Heparin cofactor II-dependent antithrombin activity of calcium spirulan.
Hayakawa Y, Hayashi T, Hayashi K, Hayashi T, Ozawa T, Niiya K, Sakuragawa N.
Department of Clinical Laboratory Medicine, Faculty of Medicine, Toyama Medical and Pharmaceutical University, Japan.
Calcium spirulan (Ca-SP), a novel sulfated polysaccharide isolated from the blue-green alga Spirulina platensis, enhanced the antithrombin activity of heparin cofactor II (HC II) more than 10000-fold. The apparent second-order rate constant of thrombin inhibition by HC II was calculated to be 4.2 x 10(4) M-1 min-1 in the absence of Ca-SP, and it increased in the presence of 50 micrograms/ml Ca-SP to 4.5 x 10(8) M-1 min-1. Ca-SP effectively induced the formation of a thrombin-HC II complex in plasma. In the presence of Ca-SP, both the recombinant HC II variants Lys173–>Leu and Arg 189–>His, which are defective in interactions with heparin and dermatan sulfate, respectively, inhibited thrombin in a manner similar to native rHC II. This result indicates that the binding site of HC II for Ca-SP is different from the heparin- or dermatan sulfate-binding site. When we removed the calcium from the Ca-SP, the compound did not exert any antithrombin activity. Furthermore, Na-SP, which was prepared by replacement of the calcium in Ca-SP with sodium, accelerated the antithrombin activity of HC II as Ca-SP did. We therefore suggest that the molecular conformation maintained by Ca or Na is indispensable to the antithrombin activity of Ca-SP. The HC II-dependent antithrombin activity of Ca-SP was almost totally abolished by treatment with chondroitinase AC I, heparinase or heparitinase, but not by treatment with chondroitinase ABC and chondroitinase AC II, suggesting that a heparin- or dermatan sulfate-like structure is not responsible for the activation of HC II by Ca-SP. Ca-SP is therefore thought to be a unique sulfated polysaccharide which shows a strong antithrombin effect in an exclusively HC II-dependent manner.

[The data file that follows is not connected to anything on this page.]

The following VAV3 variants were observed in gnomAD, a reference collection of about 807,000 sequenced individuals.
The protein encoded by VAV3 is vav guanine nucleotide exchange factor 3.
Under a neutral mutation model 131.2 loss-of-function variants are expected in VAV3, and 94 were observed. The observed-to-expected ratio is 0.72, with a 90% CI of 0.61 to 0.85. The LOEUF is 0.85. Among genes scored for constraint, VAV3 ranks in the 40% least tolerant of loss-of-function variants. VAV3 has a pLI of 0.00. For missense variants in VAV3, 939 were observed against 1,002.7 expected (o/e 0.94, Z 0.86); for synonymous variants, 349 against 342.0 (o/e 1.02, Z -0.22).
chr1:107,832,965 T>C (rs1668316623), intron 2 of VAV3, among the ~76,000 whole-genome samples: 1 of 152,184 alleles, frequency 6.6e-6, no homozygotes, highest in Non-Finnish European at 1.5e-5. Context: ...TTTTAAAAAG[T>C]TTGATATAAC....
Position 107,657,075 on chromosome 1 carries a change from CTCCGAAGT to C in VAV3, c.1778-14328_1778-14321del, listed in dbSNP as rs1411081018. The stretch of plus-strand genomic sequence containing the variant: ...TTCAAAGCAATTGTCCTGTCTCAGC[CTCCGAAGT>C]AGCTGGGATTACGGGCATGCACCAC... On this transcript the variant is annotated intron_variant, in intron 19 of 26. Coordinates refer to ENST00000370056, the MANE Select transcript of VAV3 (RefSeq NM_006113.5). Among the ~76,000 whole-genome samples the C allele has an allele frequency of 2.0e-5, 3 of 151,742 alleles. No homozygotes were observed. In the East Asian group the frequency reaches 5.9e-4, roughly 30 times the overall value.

PUB: Blood Coagul Fibrinolysis. 1996 Jul;7(5):554-60.